This paper is organized as follows. In section II, we describe the low energy effective interactions among the Higgs boson and the electroweak gauge bosons arising from new physics that is parametrized in terms of the effective Lagrangian of the SM particles with operators up to mass dimension six. In section III, we introduce the optimal observables method and explain how we perform the phase space integration when some of the kinematic distributions are unobservable, such as neutrino momenta and a distinction between quark and anti-quark jets. Although we present numerical results for unpolarized beams and for 80% polarized beam only, all the formulas are presented for an arbitrary polarization of and beams. After introducing final state cuts, such as those for the tagging and those for selecting or excluding events, we present the total cross sections for all the five processes at =200 GeV-1 TeV for =120 GeV, and at =250 GeV, 500 GeV, 1 TeV for = 100-200 GeV. Then in section IV we compute the statistical errors of the non-standard couplings extracted from measurements of the -fusion process, . In section V, we study the constraints on the and couplings extracted from production. In section VI, not only the and couplings but also the coupling are studied in the double-tag process via -channel and exchange. In section VII, we obtain the constraints on the coupling from the fusion, in no-tag events, using the equivalent real photon approximation. In section VIII, we consider the single-tag process to constrain the and couplings. In section IX, we address the implication of luminosity uncertainty on the measurement of these couplings. In section X, we summarize all our results, compare them with previous studies, and present our estimates for the ILC constraints on the dimension six operators, which are then compared with the constraints from the precision electroweak measurements of the and boson properties. In Appendices we present our parameterizations of the 3-body phase space (Appendix A), and the explicit forms the -channel and -channel currents and their contractions that appear in the helicity amplitudes (Appendix B).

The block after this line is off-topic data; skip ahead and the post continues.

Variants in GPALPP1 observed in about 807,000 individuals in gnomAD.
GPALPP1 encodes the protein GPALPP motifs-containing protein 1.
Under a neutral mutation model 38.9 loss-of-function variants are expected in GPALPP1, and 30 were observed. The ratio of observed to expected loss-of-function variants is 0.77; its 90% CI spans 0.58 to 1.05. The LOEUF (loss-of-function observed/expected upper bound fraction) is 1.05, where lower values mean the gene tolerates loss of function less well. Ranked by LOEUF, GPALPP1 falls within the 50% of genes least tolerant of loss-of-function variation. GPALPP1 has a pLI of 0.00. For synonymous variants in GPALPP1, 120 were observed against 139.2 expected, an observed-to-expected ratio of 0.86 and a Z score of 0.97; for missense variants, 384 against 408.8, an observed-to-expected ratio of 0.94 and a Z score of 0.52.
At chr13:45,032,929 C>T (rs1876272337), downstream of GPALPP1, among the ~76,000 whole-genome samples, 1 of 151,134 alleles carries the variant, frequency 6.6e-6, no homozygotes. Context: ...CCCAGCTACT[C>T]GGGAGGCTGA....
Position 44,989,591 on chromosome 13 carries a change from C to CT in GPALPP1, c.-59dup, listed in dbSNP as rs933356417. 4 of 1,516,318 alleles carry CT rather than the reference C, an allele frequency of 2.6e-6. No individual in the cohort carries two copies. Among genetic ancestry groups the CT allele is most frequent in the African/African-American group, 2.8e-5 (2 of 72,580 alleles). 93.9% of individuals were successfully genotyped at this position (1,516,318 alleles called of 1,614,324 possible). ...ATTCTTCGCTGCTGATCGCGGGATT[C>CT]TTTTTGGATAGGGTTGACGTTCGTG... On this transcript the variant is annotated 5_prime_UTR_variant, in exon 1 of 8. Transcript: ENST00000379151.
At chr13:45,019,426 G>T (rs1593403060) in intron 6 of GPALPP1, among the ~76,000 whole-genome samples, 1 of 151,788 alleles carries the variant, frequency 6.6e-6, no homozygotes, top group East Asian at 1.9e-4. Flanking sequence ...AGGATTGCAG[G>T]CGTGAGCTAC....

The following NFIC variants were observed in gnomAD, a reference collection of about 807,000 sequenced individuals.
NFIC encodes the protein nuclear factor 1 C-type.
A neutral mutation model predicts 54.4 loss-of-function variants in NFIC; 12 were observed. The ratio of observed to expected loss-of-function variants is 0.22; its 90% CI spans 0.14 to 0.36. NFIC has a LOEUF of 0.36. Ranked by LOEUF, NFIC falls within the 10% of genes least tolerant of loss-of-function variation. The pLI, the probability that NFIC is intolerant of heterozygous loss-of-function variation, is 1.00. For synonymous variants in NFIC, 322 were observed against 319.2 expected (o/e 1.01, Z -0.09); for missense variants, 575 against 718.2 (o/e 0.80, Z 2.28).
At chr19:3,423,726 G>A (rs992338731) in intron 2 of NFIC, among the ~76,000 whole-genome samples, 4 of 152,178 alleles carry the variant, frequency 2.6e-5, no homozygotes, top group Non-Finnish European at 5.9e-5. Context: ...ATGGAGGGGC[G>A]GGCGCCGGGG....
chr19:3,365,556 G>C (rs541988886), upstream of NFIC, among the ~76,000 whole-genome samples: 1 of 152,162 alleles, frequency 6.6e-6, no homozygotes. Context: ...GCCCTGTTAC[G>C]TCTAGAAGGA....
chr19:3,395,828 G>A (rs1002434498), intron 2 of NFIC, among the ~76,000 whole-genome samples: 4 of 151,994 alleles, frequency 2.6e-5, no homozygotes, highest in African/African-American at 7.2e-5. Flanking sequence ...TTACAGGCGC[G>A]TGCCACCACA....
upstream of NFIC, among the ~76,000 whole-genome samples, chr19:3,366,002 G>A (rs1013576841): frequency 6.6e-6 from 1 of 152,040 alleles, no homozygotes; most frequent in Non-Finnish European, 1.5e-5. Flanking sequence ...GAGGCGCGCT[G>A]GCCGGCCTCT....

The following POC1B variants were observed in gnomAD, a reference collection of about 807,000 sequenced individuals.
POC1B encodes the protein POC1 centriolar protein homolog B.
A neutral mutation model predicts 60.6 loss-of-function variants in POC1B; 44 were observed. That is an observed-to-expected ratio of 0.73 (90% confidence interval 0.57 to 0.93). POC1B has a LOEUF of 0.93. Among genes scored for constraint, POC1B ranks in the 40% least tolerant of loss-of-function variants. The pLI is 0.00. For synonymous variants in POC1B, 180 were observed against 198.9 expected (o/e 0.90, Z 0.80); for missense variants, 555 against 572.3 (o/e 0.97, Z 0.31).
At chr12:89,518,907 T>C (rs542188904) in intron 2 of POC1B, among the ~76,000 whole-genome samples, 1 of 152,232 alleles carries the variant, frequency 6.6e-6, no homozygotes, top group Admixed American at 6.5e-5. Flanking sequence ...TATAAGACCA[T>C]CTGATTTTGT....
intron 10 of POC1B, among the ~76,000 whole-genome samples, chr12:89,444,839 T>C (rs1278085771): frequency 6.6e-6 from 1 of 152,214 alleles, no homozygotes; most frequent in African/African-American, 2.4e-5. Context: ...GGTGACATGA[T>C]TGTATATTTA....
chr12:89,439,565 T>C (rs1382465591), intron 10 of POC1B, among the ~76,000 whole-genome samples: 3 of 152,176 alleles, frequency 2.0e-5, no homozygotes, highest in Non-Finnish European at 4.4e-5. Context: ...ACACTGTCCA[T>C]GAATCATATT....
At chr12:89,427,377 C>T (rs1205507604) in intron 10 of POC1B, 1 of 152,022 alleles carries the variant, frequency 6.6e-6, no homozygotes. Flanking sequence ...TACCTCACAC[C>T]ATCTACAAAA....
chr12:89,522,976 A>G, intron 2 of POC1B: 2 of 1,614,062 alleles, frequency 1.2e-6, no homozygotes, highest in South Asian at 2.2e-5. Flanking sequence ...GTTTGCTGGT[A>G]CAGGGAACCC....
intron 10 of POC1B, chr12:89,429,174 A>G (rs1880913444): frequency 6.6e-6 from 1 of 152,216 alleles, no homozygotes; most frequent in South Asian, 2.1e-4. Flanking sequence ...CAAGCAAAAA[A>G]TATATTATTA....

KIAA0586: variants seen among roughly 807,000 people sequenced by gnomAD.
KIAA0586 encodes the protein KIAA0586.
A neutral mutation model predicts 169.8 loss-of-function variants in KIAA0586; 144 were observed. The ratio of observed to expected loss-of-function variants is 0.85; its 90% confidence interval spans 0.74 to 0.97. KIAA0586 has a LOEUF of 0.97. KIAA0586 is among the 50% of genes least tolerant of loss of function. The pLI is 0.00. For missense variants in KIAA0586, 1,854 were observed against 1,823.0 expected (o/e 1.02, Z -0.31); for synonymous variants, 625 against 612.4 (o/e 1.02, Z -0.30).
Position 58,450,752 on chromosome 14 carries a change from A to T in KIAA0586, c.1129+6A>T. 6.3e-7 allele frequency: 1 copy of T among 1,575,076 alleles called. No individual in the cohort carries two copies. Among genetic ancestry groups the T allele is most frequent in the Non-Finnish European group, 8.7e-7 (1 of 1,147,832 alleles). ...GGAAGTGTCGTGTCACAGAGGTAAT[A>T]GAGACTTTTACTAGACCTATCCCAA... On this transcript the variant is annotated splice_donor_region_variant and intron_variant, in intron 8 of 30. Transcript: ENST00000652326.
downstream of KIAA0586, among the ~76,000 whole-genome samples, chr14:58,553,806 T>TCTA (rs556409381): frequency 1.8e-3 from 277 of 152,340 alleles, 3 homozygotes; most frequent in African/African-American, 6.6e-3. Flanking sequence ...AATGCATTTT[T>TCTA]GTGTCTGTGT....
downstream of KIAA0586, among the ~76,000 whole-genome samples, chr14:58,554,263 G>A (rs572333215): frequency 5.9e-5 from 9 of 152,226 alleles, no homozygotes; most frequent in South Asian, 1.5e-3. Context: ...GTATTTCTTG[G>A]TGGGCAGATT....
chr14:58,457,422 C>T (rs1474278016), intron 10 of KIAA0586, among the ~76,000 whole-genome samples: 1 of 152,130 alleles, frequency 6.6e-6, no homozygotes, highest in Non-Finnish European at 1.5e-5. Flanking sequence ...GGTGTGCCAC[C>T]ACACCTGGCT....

Ii Generalized vertex with dimension six operators
In our study, we adopt the effective Lagrangian of the Higgs and the gauge bosons with operators up to mass dimension six,
where denotes the renormalizable SM Lagrangian and ’s are the gauge-invariant operators of mass dimension 6. The index runs over all operators of the given mass dimension. The mass scale is set by , and the coefficients are dimensionless parameters, which are determined once the full theory is known. Excluding the dimension 5 operators for the neutrino Majorana masses, and the dimension 6 operators with quark and lepton fields, we are left with the following eight CP even operators that affect the couplings. Notation of the operators are taken from the reference (20).
Here denotes the Higgs doublet field with the hyper-charge , and the covariant derivative is , where the gauge couplings and the gauge fields with a caret represent those of the SM, in the absence of higher dimensional operators. The gauge-covariant and invariant tensors and , respectively, are , and . The coefficients of the operators (2a)-(2h), which are denoted as in the effective Lagrangian of eq.(1), should give us information about physics beyond the SM. So far, the precision measurements of the weak boson properties (2) constrained the operaotrs and , which have been useful in testing some models of the electroweak symmetry breakdown (10); (23). In this report, we explore the accuracy with which the ILC experiments can measure the coefficients of all these eight operators when a light Higgs boson exists.